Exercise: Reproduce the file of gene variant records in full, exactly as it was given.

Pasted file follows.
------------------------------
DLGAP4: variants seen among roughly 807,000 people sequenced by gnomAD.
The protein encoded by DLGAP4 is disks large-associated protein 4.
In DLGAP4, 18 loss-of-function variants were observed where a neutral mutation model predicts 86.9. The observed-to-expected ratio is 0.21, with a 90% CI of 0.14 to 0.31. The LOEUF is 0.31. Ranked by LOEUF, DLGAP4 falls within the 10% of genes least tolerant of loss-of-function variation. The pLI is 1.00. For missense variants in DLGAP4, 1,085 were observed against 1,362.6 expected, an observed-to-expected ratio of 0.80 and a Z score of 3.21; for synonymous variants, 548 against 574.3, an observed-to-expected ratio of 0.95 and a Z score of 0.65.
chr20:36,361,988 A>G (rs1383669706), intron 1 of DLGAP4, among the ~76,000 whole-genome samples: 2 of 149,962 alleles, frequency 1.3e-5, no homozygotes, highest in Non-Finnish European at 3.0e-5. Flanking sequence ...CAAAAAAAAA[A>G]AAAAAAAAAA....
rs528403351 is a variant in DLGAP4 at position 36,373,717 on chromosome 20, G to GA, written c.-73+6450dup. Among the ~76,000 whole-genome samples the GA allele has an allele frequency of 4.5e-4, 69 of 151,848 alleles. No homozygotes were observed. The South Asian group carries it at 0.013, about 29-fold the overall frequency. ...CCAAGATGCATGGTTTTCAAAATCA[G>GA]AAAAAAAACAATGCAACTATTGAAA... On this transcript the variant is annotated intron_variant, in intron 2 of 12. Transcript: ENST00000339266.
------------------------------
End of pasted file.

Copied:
DLGAP4: variants seen among roughly 807,000 people sequenced by gnomAD.
The protein encoded by DLGAP4 is disks large-associated protein 4.
In DLGAP4, 18 loss-of-function variants were observed where a neutral mutation model predicts 86.9. The observed-to-expected ratio is 0.21, with a 90% CI of 0.14 to 0.31. The LOEUF is 0.31. Ranked by LOEUF, DLGAP4 falls within the 10% of genes least tolerant of loss-of-function variation. The pLI is 1.00. For missense variants in DLGAP4, 1,085 were observed against 1,362.6 expected, an observed-to-expected ratio of 0.80 and a Z score of 3.21; for synonymous variants, 548 against 574.3, an observed-to-expected ratio of 0.95 and a Z score of 0.65.
chr20:36,361,988 A>G (rs1383669706), intron 1 of DLGAP4, among the ~76,000 whole-genome samples: 2 of 149,962 alleles, frequency 1.3e-5, no homozygotes, highest in Non-Finnish European at 3.0e-5. Flanking sequence ...CAAAAAAAAA[A>G]AAAAAAAAAA....
rs528403351 is a variant in DLGAP4 at position 36,373,717 on chromosome 20, G to GA, written c.-73+6450dup. Among the ~76,000 whole-genome samples the GA allele has an allele frequency of 4.5e-4, 69 of 151,848 alleles. No homozygotes were observed. The South Asian group carries it at 0.013, about 29-fold the overall frequency. ...CCAAGATGCATGGTTTTCAAAATCA[G>GA]AAAAAAAACAATGCAACTATTGAAA... On this transcript the variant is annotated intron_variant, in intron 2 of 12. Transcript: ENST00000339266.